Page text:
# parallel_scan works … kinda, sorta

In a previous post, I showed a program that uses the `parallel_scan` construct but gets the wrong result. Since then, I received a working, running sum example for `parallel_scan` (from Mike Deskevich of ITT) that I could poke at and observe the results. Doing that I found a mistake I was making, and I found a mistake that TBB is making.

My mistake was creating an incorrect mental model of how `reverse_join` works. In my original version for the running minimum program, `reverse_join` stored the incoming minimum to a subrange and compared it to the minimum found within the subrange so that the updated minimum could be passed on to the next subrange:

void reverse_join (vector_run_min &vrm) {
min_in = vrm.min_out; // min at start of subrange k = min at end of subrange k-1
// min at end of subrange k is lesser of min at end of subranges k, k-1
min_out = (min_out < vrm.min_out) ? min_out : vrm.min_out; }[/sourcecode] It actually doesn't have to be that complicated. The `vector_run_min` object needs only a single member, `mmin`, that stores the minimum at the end of the subrange. Then the correct version of `reverse_join` can be written this way:

void reverse_join (vector_run_min &vrm) {
// min at end of subrange k is lesser of min at end of subranges k, k-1
mmin = (mmin < vrm.mmin) ? mmin : vrm.mmin; }[/sourcecode] Obviously, TBB is doing something in the background to make this work. All I can figure is that, during the final scan, each `vector_min_object` is passed the subrange that followed it during the pre-scan. Then `mmin` would hold the minimum at the start of that subrange.

The second problem I had was with the `()` operator that handles the pre-scan and final scan. During my debugging of my original running minimum program, it seemed that the pre-scan version of the `()` operator wasn’t being called at the right times. So I re-wrote the original operators:

// overload () so it finds the minimum within each subrange
void operator() (const blocked_range &r, pre_scan_tag) {
for(size_t i=r.begin(); i!=r.end(); i++)
mmin = (v[i] &r, final_scan_tag) {
size_t i = r.begin();
run_min[i] = (v[i] &r, pre_scan_tag) {
// find the running minimum over the subrange
size_t i = r.begin();
run_min[i] = (v[i] &r, final_scan_tag) {
// find the running minimum over the subrange
size_t i = r.begin();
run_min[i] = (v[i]() operator needlessly computes the running minimum while it is finding the minimum for a subrange. And the final scan version needlessly updates the minimum after it calculates the running minimum. So there is some wasted effort, but at least it works.

Now, this is not the way I wanted to do it. And I’m sure it’s not the way the TBB developers want me to do it. But it’s the only way I could do it.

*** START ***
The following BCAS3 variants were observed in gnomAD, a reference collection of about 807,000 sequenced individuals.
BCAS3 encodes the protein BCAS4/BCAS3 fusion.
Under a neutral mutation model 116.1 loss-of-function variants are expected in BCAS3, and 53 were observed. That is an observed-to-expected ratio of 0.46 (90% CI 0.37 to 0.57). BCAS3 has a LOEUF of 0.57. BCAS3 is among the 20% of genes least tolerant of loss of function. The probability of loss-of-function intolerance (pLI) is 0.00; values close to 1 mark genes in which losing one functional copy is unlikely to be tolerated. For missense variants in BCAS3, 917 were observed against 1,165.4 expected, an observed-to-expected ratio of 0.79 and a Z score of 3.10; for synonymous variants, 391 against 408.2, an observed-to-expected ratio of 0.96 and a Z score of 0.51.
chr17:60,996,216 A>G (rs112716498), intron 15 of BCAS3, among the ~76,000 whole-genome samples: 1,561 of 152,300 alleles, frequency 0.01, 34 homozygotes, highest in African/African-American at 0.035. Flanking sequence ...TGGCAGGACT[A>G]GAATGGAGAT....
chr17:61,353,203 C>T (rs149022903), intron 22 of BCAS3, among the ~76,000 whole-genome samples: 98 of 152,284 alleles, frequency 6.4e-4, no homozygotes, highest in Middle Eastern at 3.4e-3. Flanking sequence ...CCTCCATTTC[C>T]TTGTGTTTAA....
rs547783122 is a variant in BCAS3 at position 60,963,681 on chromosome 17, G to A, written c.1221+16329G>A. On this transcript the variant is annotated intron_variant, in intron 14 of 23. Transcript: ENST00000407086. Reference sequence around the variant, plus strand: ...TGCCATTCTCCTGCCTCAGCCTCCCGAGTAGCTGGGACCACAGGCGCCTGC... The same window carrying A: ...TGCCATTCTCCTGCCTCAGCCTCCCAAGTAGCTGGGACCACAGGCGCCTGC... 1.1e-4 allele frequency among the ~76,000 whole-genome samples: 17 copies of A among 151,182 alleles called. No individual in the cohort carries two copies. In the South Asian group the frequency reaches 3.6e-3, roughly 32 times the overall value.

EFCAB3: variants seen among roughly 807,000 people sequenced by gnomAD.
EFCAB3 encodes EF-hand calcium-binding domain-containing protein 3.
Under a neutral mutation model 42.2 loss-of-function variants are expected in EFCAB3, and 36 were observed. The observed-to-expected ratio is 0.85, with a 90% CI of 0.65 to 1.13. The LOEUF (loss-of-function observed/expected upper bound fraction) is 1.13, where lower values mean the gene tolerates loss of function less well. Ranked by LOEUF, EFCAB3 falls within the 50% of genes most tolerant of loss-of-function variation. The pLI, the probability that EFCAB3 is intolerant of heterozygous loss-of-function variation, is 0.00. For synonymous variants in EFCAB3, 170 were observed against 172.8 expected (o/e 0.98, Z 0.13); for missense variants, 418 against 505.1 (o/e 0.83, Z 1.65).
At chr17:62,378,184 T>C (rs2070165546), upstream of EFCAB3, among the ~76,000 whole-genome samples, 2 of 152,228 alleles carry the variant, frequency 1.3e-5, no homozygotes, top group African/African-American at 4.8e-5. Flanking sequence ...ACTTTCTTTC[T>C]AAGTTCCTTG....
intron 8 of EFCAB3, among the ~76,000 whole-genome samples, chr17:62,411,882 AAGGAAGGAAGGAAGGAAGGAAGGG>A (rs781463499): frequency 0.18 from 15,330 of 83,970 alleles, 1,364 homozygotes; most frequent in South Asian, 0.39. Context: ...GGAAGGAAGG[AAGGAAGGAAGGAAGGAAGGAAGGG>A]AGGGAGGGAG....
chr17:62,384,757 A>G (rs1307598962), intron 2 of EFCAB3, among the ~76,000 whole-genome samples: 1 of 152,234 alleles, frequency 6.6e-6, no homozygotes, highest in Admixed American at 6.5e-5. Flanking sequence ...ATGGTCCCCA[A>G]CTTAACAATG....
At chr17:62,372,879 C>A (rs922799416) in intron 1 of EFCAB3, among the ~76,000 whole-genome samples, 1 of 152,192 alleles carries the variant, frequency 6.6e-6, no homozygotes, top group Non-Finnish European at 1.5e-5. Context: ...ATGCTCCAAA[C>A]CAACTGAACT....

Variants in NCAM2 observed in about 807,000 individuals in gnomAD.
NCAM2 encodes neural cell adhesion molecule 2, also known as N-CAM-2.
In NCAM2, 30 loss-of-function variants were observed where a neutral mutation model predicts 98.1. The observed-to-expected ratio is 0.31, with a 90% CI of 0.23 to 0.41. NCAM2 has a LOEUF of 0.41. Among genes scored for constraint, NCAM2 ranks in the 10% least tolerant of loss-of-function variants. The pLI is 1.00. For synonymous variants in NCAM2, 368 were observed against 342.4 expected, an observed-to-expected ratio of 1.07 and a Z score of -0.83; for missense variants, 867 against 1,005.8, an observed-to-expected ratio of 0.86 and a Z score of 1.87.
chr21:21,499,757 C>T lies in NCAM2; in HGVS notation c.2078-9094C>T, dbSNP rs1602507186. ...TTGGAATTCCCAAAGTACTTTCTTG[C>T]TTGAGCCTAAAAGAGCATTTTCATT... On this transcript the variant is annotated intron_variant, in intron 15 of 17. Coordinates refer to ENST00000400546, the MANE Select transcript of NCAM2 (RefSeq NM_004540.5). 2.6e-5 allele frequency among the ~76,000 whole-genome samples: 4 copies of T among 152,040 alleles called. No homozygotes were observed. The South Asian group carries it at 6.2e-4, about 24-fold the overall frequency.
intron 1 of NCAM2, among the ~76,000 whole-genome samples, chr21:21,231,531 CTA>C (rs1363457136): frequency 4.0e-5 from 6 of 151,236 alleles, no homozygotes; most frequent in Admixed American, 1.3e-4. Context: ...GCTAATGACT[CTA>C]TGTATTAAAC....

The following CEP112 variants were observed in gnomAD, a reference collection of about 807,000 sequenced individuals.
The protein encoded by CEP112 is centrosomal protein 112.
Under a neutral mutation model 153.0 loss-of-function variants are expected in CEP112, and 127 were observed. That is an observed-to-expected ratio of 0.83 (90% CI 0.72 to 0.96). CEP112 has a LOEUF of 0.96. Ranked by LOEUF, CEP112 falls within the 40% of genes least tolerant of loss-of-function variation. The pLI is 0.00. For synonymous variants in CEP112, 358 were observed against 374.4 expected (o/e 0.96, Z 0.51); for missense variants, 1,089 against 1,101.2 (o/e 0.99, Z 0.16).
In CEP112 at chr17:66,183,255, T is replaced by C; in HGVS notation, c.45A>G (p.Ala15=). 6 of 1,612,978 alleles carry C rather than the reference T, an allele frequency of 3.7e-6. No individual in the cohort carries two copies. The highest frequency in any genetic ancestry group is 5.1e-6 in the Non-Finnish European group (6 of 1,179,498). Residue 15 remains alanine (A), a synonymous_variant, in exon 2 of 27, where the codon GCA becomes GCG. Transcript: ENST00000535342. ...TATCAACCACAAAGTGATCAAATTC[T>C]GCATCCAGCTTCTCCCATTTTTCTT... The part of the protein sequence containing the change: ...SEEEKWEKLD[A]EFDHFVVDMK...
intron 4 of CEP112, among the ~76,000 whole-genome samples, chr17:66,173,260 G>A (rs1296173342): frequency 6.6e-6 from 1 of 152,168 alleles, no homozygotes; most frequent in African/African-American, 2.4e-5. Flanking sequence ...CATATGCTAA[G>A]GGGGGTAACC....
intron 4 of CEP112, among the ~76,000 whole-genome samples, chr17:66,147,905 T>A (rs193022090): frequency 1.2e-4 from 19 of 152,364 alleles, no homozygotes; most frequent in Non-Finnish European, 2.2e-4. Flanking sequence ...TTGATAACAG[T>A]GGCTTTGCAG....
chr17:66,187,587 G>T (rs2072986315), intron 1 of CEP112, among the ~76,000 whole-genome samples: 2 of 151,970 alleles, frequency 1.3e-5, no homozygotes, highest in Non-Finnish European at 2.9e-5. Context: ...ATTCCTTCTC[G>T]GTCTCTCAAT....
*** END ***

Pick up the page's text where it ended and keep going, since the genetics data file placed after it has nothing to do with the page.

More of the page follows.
So here’s the current, working program for finding the running minimum. You can also download it here. Let me know if you find a way to fix my problem with the pre-scan and final scan.

// example4.cpp : Defines the entry point for the console application.
//

#include “stdafx.h”
#include
#include
#include
#include
#include “tbb/blocked_range.h”
#include “tbb/parallel_scan.h”

using namespace std;
using namespace tbb;

class vector_run_min {
const double *const v; // vector of data
public:
double *const run_min; // vector of running minimums of data
double mmin; // minimum at beginning of subrange
// constructor copies the arguments into local storage
vector_run_min (double *v_, double *run_min_)
: v(v_), run_min(run_min_), mmin(FLT_MAX) { }
// splitting constructor
vector_run_min (vector_run_min &vrm, split)
: v(vrm.v), run_min(vrm.run_min), mmin(FLT_MAX) { }
// overload () so it finds the minimum within each subrange
void operator() (const blocked_range &r, pre_scan_tag) {
// find the running minimum over the subrange
size_t i = r.begin();
run_min[i] = (v[i] &r, final_scan_tag) {
// find the running minimum over the subrange
size_t i = r.begin();
run_min[i] = (v[i](0,vec_size,1000), vrm );

// compare serial and parallel versions of the running minimum
for(size_t i=0; i About dave_vandenbout
President of XESS Corp, a manufacturer of FPGA development boards.

### 2 Responses to parallel_scan works … kinda, sorta

1. cars says:

Buying a used car can be tricky, no matter how much you already
know about cars. There are lots of different things to consider so
that you don’t end up buying a piece of junk that breaks down right away. Use some great tips of the trade in the following article to help you make your next car choice.